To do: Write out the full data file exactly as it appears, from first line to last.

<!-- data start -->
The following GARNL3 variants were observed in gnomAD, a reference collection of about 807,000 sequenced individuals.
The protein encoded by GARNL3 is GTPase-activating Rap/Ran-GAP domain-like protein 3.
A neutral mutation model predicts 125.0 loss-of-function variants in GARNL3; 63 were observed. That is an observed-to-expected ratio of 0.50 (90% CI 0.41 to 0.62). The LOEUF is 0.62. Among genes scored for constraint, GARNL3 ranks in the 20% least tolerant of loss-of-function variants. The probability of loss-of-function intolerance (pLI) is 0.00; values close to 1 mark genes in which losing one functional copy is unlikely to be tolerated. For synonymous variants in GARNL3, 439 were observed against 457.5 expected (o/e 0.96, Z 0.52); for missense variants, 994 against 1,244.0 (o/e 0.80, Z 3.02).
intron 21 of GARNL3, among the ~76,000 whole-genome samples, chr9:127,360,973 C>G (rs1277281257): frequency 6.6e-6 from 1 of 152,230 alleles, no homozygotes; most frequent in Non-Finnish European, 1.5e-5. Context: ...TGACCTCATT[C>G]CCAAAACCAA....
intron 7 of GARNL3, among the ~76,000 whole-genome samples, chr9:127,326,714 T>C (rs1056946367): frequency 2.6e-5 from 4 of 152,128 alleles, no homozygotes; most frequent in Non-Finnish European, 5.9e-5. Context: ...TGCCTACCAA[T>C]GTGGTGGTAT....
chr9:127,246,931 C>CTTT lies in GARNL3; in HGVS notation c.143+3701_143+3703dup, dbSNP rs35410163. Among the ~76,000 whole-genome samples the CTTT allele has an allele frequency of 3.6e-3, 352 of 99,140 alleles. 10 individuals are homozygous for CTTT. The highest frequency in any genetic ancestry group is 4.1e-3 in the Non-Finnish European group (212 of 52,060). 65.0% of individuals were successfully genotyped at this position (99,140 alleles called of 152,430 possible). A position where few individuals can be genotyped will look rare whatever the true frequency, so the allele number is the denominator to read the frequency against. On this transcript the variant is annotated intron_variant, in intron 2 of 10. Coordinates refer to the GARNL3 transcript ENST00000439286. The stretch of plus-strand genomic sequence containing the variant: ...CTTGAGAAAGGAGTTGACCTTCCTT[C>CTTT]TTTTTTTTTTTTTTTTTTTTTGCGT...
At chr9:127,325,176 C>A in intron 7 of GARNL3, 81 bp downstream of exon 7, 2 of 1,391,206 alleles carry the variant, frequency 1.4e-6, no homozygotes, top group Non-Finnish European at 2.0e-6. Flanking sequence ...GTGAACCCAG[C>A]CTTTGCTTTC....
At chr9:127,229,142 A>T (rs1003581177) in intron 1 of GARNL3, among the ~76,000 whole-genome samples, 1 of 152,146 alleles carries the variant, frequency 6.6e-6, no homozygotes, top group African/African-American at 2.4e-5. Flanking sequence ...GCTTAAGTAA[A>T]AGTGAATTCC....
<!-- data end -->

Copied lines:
The following GARNL3 variants were observed in gnomAD, a reference collection of about 807,000 sequenced individuals.
The protein encoded by GARNL3 is GTPase-activating Rap/Ran-GAP domain-like protein 3.
A neutral mutation model predicts 125.0 loss-of-function variants in GARNL3; 63 were observed. That is an observed-to-expected ratio of 0.50 (90% CI 0.41 to 0.62). The LOEUF is 0.62. Among genes scored for constraint, GARNL3 ranks in the 20% least tolerant of loss-of-function variants. The probability of loss-of-function intolerance (pLI) is 0.00; values close to 1 mark genes in which losing one functional copy is unlikely to be tolerated. For synonymous variants in GARNL3, 439 were observed against 457.5 expected (o/e 0.96, Z 0.52); for missense variants, 994 against 1,244.0 (o/e 0.80, Z 3.02).
intron 21 of GARNL3, among the ~76,000 whole-genome samples, chr9:127,360,973 C>G (rs1277281257): frequency 6.6e-6 from 1 of 152,230 alleles, no homozygotes; most frequent in Non-Finnish European, 1.5e-5. Context: ...TGACCTCATT[C>G]CCAAAACCAA....
intron 7 of GARNL3, among the ~76,000 whole-genome samples, chr9:127,326,714 T>C (rs1056946367): frequency 2.6e-5 from 4 of 152,128 alleles, no homozygotes; most frequent in Non-Finnish European, 5.9e-5. Context: ...TGCCTACCAA[T>C]GTGGTGGTAT....
chr9:127,246,931 C>CTTT lies in GARNL3; in HGVS notation c.143+3701_143+3703dup, dbSNP rs35410163. Among the ~76,000 whole-genome samples the CTTT allele has an allele frequency of 3.6e-3, 352 of 99,140 alleles. 10 individuals are homozygous for CTTT. The highest frequency in any genetic ancestry group is 4.1e-3 in the Non-Finnish European group (212 of 52,060). 65.0% of individuals were successfully genotyped at this position (99,140 alleles called of 152,430 possible). A position where few individuals can be genotyped will look rare whatever the true frequency, so the allele number is the denominator to read the frequency against. On this transcript the variant is annotated intron_variant, in intron 2 of 10. Coordinates refer to the GARNL3 transcript ENST00000439286. The stretch of plus-strand genomic sequence containing the variant: ...CTTGAGAAAGGAGTTGACCTTCCTT[C>CTTT]TTTTTTTTTTTTTTTTTTTTTGCGT...
At chr9:127,325,176 C>A in intron 7 of GARNL3, 81 bp downstream of exon 7, 2 of 1,391,206 alleles carry the variant, frequency 1.4e-6, no homozygotes, top group Non-Finnish European at 2.0e-6. Flanking sequence ...GTGAACCCAG[C>A]CTTTGCTTTC....
At chr9:127,229,142 A>T (rs1003581177) in intron 1 of GARNL3, among the ~76,000 whole-genome samples, 1 of 152,146 alleles carries the variant, frequency 6.6e-6, no homozygotes, top group African/African-American at 2.4e-5. Flanking sequence ...GCTTAAGTAA[A>T]AGTGAATTCC....